WHAT IT IS:
An advanced method in which, with the help of a spotter, only the eccentric (negative) portion of each rep is performed—and at a very slow pace. Traditionally, strength athletes have performed negatives as stand- alone sets, but this technique can also be used at the end of a regular set to train the muscles past failure.
WHY YOU SHOULD DO IT:
Negatives provide a unique shock to your muscles and are very effective at increasing strength as well as muscle growth. Most people disregard the eccentric portion of the rep, thinking that the muscle is working only when you’re lifting the weight, not lowering it. Not true. Resisting the weight on the negative is a crucial aspect of strength and is actually the part of the movement most closely associated with muscle soreness in the days following a workout. And that soreness equates to increases in muscle size and strength.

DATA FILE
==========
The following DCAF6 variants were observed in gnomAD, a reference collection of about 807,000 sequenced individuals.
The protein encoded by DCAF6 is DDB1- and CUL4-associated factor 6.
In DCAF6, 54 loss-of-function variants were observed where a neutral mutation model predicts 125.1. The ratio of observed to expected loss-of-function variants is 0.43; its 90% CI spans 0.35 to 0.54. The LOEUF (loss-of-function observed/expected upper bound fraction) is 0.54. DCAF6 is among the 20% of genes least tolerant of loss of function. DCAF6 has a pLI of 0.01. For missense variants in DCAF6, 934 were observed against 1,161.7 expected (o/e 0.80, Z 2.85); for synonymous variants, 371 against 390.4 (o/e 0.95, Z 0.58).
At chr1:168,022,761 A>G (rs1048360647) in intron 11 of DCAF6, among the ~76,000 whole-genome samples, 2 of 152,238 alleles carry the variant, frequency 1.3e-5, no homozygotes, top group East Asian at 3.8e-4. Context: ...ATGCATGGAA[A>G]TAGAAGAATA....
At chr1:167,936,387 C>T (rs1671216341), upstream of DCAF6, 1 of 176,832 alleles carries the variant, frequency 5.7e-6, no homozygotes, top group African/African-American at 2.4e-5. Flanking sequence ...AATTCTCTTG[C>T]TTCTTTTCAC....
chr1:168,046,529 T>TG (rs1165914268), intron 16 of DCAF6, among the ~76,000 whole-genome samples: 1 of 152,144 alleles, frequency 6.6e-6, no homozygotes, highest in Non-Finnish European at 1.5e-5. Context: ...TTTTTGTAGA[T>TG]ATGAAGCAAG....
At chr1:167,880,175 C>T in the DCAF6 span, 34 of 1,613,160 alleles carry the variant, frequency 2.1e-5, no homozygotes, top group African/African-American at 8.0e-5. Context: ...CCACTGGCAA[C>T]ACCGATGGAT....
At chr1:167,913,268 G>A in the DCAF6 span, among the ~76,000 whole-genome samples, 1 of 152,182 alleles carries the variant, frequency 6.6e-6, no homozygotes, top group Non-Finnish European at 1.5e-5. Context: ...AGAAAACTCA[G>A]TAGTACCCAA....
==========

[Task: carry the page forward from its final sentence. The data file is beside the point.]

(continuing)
HOW TO DO IT:
The specifics of how to do negatives is crucial. First, you’ll need a dependable spotter. After reaching failure on a set doing regular reps, you’ll do two to three negatives in this manner: Your spotter will help you lift the weight through the positive portion of the rep. Then, for the negative, you’ll do all the work, lowering the weight slowly for a count of three to five seconds. The spotter will again do the positive, and so on. But even though you’ll be lowering the weight on your own, your spotter will need to be highly attentive while you do so in case your muscles give out and you can no longer resist the weight.
SAMPLE NEGATIVES CHEST ROUTINE
- Barbell Bench Press | SETS: 4 | REPS: 8* | REST: 2-3 min.
- Barbell Incline Press | SETS: 3–4 | REPS: 10–12* | REST: 2 min.
- Flat-Bench Dumbbell Flye | SETS: 3 | REPS: 12–15* | REST: 1–2 min.
*Do two to three negatives on the last two sets.